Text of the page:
Contrast that phrase with the attack by American Federation of Teachers President Sandra Feldman who, when asked about the news that 1.25 million low-income children had sought a partial, privately sponsored scholarship, called it "sad" because it indicates that "there are some" who "want to get children out of public schools."
This is hardly a means to "build a strategic alliance" to fight for "what is best for children." Can anyone imagine a supporter of American universities greeting the news of a gift by George Soros or Bill Cosby to help poor kids attend Harvard as a "sad" indication that "some people" want to reduce the enrollment at Ohio State?
Or consider the Peterson-Charney contention that "too often, teachers don't view themselves as an essential part of their union." True enough, and verified by the fact that in our own hometown of Milwaukee, post-mortem polls showed that a majority of teachers last spring voted against the anti-school-choice school board slate handpicked for them by the union hierarchy.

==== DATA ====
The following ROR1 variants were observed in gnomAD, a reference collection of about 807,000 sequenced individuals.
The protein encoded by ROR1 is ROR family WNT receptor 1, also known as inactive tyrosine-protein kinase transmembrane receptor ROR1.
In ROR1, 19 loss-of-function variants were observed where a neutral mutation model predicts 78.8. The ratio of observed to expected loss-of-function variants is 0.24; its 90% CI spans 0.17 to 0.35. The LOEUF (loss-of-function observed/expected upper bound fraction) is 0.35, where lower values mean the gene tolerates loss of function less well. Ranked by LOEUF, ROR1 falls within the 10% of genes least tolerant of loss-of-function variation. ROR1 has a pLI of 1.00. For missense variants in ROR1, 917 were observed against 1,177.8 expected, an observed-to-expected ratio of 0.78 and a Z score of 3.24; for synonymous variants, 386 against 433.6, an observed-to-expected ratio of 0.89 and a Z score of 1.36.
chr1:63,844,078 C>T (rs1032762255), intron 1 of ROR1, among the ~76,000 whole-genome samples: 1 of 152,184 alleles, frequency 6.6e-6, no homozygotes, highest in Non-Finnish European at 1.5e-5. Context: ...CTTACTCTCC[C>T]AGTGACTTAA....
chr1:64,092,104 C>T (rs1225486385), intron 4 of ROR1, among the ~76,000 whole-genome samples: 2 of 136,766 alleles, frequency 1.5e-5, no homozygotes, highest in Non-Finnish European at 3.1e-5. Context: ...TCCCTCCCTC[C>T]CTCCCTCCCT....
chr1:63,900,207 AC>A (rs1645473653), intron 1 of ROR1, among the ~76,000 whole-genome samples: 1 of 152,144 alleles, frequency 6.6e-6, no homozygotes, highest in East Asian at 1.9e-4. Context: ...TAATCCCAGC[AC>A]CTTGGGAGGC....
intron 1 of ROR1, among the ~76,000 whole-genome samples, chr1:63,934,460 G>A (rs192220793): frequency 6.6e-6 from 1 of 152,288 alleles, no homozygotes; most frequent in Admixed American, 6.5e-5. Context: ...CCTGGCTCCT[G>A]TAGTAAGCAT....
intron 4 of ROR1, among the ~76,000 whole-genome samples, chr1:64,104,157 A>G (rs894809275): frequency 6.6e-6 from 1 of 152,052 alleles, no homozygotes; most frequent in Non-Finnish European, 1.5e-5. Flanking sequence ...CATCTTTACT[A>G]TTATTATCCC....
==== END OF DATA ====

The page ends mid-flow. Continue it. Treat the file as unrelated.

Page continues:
Over the last year, we've been part of an effort, conducted by the Alexis de Tocqueville Institution, in which more than 200,000 teachers in 14 states have been contacted by direct mail, telephone, and other means to compile a profile of teacher concerns. On the basis of what we've seen, it seems clear that the long, rear-guard action by union leaders against school choice is beginning to crack--even among their members.
In a survey of more than 100 teachers' unions in 20 countries, even union officials said they opposed school voucher plans in their countries by a bare 40 percent to 30 percent plurality, with another 30 percent saying they took no strong position. In other words, the more experience teachers have with education choice, the less hostile they are to it.
Our most recent responses from states like Minnesota and Wisconsin, where choice has existed for some time, show the same trend. And in a survey mailed to all teachers in the District of Columbia in 1997--a time of intense discussion there about a possible voucher system--a near majority of 48 percent to 43 percent said they would support a "Pell Grant type program" to give aid directly to poor students for use at a "public or private school of their choice." That, in essence, is a voucher.